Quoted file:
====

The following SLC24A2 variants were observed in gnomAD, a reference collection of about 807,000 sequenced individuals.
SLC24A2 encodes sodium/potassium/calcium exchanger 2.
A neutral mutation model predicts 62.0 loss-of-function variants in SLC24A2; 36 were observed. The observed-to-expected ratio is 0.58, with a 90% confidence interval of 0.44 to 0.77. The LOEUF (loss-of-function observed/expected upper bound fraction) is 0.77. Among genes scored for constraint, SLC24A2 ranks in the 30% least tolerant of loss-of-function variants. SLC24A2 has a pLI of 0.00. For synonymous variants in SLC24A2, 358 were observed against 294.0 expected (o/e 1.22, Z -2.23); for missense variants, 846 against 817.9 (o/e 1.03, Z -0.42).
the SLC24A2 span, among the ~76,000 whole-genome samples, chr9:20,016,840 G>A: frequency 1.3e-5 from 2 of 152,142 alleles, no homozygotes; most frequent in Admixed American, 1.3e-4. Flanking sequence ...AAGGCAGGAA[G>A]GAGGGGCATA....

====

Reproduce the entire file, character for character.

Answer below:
The following SLC24A2 variants were observed in gnomAD, a reference collection of about 807,000 sequenced individuals.
SLC24A2 encodes sodium/potassium/calcium exchanger 2.
A neutral mutation model predicts 62.0 loss-of-function variants in SLC24A2; 36 were observed. The observed-to-expected ratio is 0.58, with a 90% confidence interval of 0.44 to 0.77. The LOEUF (loss-of-function observed/expected upper bound fraction) is 0.77. Among genes scored for constraint, SLC24A2 ranks in the 30% least tolerant of loss-of-function variants. SLC24A2 has a pLI of 0.00. For synonymous variants in SLC24A2, 358 were observed against 294.0 expected (o/e 1.22, Z -2.23); for missense variants, 846 against 817.9 (o/e 1.03, Z -0.42).
the SLC24A2 span, among the ~76,000 whole-genome samples, chr9:20,016,840 G>A: frequency 1.3e-5 from 2 of 152,142 alleles, no homozygotes; most frequent in Admixed American, 1.3e-4. Flanking sequence ...AAGGCAGGAA[G>A]GAGGGGCATA....